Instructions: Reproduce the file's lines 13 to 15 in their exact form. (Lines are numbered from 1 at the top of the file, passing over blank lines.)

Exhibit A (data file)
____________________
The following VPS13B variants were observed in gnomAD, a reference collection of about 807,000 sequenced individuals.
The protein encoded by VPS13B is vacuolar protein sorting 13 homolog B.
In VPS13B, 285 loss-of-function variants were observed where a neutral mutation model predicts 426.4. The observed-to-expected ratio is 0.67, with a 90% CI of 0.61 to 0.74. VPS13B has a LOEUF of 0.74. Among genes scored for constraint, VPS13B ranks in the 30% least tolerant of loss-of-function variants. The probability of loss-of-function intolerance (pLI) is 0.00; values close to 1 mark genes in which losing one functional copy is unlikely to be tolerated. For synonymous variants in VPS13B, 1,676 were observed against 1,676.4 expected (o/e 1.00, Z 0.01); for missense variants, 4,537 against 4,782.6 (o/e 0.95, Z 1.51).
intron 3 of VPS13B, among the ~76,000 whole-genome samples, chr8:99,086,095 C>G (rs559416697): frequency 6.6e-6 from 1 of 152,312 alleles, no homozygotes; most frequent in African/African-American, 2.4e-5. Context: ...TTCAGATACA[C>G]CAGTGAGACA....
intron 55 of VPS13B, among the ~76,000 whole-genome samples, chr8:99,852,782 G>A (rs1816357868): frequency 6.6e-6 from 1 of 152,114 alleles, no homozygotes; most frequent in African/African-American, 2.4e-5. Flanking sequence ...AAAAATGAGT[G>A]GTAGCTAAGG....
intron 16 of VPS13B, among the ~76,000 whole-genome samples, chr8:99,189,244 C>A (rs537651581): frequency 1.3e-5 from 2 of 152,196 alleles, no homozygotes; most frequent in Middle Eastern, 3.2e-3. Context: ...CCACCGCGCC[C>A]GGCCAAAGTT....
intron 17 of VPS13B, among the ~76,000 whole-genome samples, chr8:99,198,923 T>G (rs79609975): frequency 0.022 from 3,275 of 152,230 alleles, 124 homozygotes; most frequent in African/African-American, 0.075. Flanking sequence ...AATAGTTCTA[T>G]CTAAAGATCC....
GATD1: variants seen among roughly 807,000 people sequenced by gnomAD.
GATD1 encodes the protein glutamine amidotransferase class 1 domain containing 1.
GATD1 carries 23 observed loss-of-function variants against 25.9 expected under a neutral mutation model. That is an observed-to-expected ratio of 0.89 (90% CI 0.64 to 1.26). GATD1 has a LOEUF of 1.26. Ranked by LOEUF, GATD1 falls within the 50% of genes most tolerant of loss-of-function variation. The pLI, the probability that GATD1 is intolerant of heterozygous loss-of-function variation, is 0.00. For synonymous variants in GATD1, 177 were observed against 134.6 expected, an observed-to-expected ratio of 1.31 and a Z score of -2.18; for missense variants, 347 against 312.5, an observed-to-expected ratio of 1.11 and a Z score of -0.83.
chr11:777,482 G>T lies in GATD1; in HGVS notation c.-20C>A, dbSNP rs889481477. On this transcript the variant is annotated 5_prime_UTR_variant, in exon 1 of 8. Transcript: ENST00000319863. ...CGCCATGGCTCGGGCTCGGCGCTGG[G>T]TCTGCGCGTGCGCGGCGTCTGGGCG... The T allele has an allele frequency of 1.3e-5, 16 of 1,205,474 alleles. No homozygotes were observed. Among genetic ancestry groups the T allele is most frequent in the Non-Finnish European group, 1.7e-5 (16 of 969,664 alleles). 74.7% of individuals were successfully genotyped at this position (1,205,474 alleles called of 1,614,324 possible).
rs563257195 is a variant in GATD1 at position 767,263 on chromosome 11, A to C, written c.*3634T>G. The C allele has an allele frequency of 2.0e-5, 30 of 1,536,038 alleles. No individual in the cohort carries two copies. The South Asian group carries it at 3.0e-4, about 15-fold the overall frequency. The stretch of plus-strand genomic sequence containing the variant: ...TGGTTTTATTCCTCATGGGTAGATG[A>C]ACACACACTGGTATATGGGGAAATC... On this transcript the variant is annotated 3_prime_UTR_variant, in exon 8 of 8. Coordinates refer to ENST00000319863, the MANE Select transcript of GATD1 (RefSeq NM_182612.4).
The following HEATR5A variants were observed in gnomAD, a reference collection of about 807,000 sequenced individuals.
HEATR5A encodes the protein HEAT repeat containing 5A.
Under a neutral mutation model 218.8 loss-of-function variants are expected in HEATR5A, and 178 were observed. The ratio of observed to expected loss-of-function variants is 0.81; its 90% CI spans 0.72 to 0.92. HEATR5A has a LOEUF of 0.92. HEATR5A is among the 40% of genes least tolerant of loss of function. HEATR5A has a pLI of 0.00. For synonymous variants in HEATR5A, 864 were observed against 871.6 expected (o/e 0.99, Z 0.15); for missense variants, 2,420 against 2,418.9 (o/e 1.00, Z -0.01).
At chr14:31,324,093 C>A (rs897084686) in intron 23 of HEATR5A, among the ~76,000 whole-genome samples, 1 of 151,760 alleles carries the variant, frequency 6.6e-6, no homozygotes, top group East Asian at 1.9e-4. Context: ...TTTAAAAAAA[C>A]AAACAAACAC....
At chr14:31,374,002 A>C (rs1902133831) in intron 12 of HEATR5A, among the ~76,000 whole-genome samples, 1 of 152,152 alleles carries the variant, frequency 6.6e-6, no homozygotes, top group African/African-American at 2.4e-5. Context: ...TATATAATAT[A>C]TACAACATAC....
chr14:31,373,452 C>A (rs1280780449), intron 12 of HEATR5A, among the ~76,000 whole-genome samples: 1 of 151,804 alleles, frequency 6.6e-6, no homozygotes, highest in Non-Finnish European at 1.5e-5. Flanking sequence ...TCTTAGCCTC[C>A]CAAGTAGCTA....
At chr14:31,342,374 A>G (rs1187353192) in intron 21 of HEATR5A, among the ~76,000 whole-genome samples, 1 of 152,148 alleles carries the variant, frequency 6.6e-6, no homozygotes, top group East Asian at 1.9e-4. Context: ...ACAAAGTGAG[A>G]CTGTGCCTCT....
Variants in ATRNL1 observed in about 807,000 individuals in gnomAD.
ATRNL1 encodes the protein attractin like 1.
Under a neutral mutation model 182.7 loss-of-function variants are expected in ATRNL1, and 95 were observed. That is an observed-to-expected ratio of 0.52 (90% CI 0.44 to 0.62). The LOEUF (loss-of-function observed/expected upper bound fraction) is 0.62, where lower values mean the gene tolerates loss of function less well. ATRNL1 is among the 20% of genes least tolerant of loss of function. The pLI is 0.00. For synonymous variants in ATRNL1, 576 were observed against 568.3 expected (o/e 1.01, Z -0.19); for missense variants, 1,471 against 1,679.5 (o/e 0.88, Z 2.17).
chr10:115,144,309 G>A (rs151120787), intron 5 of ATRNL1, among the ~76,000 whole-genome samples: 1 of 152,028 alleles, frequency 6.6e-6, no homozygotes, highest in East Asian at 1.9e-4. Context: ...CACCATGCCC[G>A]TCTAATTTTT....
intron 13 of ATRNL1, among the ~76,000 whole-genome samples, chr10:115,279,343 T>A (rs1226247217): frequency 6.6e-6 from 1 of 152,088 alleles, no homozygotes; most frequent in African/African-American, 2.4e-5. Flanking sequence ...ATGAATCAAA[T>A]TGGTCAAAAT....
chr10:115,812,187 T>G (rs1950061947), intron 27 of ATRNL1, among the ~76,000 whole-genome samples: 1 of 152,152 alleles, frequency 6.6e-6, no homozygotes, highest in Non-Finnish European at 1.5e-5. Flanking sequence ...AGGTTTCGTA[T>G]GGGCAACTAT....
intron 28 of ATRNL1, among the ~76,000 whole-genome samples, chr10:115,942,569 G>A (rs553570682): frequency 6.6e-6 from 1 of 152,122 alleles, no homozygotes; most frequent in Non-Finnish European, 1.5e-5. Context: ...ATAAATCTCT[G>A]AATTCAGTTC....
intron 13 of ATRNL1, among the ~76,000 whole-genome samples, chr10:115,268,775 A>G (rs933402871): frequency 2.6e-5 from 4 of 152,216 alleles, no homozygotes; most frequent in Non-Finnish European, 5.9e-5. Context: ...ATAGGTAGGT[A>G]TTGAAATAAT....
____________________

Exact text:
The following HEATR5A variants were observed in gnomAD, a reference collection of about 807,000 sequenced individuals.
HEATR5A encodes the protein HEAT repeat containing 5A.
Under a neutral mutation model 218.8 loss-of-function variants are expected in HEATR5A, and 178 were observed. The ratio of observed to expected loss-of-function variants is 0.81; its 90% CI spans 0.72 to 0.92. HEATR5A has a LOEUF of 0.92. HEATR5A is among the 40% of genes least tolerant of loss of function. HEATR5A has a pLI of 0.00. For synonymous variants in HEATR5A, 864 were observed against 871.6 expected (o/e 0.99, Z 0.15); for missense variants, 2,420 against 2,418.9 (o/e 1.00, Z -0.01).